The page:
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Monday, July 18, 2005

Review of "The Thinking Toolbox"

Posted: 2005-07-11T22:39:37Z

Source: (The Thinking Toolbox was provided to me free of charge by Mind and Media, who received it from the publisher for the purpose of being reviewed.)

When the package containing The Thinking Toolbox: Thirty-Five Lessons That Will Build Your Reasoning Skills by Nathaniel and Hans Bluedorn arrived in the mail, I was excited -- primarily because this was the first book I had received to review as an official "Mind and Media Reviewer". After I read the following paragraphs in lesson one, I was thrilled:

"This book is like a toolbox. This book is full of different kinds of tools you can use for different thinking tasks. Just as you take a wrench out of a regular toolbox and use it to fix the sink, so you can use the tools we give you in this book to solve thinking problems.

A thinking tool will often take the form of a question. "How do I know this person is trustworthy? Does he have a reason to lie? Are there two sides to this story? Which one should I believe?" Thinking tools are very useful in solving many kinds of problems -- from studying history, to finding out why the family cow is sick, to knowing whether to trust bearded guys in black vans....

Each lesson in this book will give you a thinking tool or teach you how to use a tool. By the time you finish this book, you will have many tools in your thinking toolbox -- tools such as: how to list reasons to believe something, how to analyze opposing viewpoints, examining evidence and sources, brainstorming, the scientific method."

This is a book designed to teach people how to think. The book is intended for anyone middle school-age to adult, and I know many people who could use a book like this -- including myself!

I don't know about other people's experiences growing up, but I was not taught how to think. Not by my parents (and I have wonderful, loving parents, so please don't think I'm casting blame), not by my teachers, and not by my pastors. Especially not by my teachers. We assumed that anything we were taught or read in textbooks must be true. We were not encouraged to question or discover for ourselves whether something was true or not. I remember in high school science class being baffled by the teachers' claims that the world was formed by a gaseous explosion in space millions of years ago. I knew this teaching contradicted the Bible, but I had no tools with which to support my belief.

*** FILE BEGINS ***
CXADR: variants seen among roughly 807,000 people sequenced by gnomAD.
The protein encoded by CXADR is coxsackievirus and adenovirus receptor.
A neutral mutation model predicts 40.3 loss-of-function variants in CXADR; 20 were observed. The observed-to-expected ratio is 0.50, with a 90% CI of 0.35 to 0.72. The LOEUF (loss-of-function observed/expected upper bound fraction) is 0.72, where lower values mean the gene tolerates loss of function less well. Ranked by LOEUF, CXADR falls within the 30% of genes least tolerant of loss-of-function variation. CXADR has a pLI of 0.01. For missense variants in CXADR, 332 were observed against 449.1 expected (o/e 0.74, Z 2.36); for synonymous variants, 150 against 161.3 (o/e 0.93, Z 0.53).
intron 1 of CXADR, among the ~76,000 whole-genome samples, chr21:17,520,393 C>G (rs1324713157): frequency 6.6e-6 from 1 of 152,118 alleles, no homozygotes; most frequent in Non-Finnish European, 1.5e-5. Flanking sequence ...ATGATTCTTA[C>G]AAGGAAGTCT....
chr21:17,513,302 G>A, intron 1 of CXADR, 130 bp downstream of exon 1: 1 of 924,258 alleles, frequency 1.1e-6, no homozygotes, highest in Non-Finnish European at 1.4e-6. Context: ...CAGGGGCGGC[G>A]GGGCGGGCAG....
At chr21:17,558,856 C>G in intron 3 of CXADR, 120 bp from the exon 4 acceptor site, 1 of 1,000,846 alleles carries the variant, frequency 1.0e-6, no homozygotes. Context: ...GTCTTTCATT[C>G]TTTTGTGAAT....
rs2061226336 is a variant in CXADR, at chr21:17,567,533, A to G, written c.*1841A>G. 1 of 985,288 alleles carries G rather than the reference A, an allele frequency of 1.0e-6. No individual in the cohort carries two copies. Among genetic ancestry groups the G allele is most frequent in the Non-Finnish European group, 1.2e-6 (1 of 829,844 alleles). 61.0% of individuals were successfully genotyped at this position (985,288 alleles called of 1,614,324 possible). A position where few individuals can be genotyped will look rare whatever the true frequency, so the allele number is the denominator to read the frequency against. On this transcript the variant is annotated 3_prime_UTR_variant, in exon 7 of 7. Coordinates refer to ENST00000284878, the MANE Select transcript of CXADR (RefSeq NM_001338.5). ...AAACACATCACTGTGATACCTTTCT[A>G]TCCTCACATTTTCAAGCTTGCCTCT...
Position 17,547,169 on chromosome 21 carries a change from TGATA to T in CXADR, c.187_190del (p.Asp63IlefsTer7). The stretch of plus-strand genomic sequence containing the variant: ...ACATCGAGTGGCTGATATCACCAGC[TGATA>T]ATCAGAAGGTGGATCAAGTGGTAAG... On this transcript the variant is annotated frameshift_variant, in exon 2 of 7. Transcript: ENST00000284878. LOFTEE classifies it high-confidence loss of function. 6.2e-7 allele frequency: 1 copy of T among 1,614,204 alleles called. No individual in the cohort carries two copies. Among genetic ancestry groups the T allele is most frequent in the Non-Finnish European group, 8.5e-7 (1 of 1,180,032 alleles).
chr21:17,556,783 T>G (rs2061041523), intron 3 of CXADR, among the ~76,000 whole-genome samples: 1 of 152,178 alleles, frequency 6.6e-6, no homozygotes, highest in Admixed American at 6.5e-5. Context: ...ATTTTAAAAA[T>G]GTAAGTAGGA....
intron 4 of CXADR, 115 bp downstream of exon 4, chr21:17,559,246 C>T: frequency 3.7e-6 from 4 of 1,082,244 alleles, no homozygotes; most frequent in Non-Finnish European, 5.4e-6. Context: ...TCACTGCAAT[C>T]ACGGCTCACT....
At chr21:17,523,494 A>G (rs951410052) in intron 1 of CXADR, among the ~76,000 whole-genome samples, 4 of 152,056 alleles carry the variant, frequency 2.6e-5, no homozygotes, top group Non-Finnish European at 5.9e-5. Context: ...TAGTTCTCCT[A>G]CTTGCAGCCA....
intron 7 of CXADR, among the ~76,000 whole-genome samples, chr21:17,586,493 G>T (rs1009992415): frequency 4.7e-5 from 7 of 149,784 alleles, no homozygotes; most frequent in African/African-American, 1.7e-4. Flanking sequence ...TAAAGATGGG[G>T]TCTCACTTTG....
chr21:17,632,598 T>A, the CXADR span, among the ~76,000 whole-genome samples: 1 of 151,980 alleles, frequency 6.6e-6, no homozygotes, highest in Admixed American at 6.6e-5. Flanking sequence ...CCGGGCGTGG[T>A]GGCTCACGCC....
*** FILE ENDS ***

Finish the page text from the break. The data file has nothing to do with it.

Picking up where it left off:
That's what this book does. It gives you tools to think for yourself. Yes, I want my children to obey my husband and I and trust that we have their best interests at heart. But I also want them to know how to think. I don't want them to trust every claim made by the media, an author, or even a pastor without checking it out for themselves.

Not only does this book help you to investigate ideas logically, it also shows how to support your own beliefs. How to argue a point -- and when it's best not to argue. It gives the basics of the scientific method, and it tells readers how to recognize pseudo-science being passed off as hard fact.

Some of the chapter titles are:

- When It Is Dumb to Argue
- How to List Reasons Why You Believe Something
- When Not to Use Logic
- You Can't Believe Everything You Hear
- Who Has a Reason to Lie
- Does a Possibly Make a Probably?
- How to Be a Keen Observer
- Brainstorming
- How to Prove You Are Wrong
- How to Analyze Data

I am so impressed by this book. The content is extremely valuable, and it is presented in a straight-forward, humorous way that teens will appreciate. Each chapter ends with plenty of exercises to allow you to use the tools you have gained.

I will definitely be using this book in our homeschool when our children are older. But I won't wait to begin teaching them some of these tools. I only wish I could afford to buy a copy to send to every person who forwards me an e-mail claiming that Bill Gates will make me rich if I just forward it to a gazillion people!

(Read other reviews of The Thinking Toolbox here.)


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